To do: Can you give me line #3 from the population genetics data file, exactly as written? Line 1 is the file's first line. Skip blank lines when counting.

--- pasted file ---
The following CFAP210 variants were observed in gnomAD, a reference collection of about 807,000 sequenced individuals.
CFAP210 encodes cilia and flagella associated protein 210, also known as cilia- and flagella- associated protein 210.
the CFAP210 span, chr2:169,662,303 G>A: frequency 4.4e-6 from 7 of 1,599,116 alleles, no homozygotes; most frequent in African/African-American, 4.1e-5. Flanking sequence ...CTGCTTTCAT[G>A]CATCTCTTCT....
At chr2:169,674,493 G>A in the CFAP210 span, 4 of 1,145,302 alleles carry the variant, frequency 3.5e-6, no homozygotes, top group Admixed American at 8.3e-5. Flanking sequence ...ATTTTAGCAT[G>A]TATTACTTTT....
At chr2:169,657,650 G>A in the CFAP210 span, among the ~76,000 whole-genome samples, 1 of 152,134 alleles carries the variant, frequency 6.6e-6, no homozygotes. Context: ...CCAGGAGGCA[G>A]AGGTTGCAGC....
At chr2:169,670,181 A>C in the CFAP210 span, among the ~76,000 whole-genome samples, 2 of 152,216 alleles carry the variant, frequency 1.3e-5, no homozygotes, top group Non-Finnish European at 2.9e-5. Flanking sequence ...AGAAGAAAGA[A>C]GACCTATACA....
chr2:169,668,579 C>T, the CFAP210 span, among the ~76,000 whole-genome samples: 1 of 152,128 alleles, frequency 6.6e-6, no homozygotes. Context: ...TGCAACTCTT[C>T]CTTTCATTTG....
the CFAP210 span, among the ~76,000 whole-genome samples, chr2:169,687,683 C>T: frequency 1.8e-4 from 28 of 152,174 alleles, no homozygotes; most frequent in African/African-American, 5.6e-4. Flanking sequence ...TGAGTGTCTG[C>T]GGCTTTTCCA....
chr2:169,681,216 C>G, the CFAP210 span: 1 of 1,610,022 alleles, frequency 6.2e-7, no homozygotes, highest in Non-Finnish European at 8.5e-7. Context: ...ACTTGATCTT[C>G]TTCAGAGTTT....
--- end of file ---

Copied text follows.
the CFAP210 span, chr2:169,662,303 G>A: frequency 4.4e-6 from 7 of 1,599,116 alleles, no homozygotes; most frequent in African/African-American, 4.1e-5. Flanking sequence ...CTGCTTTCAT[G>A]CATCTCTTCT....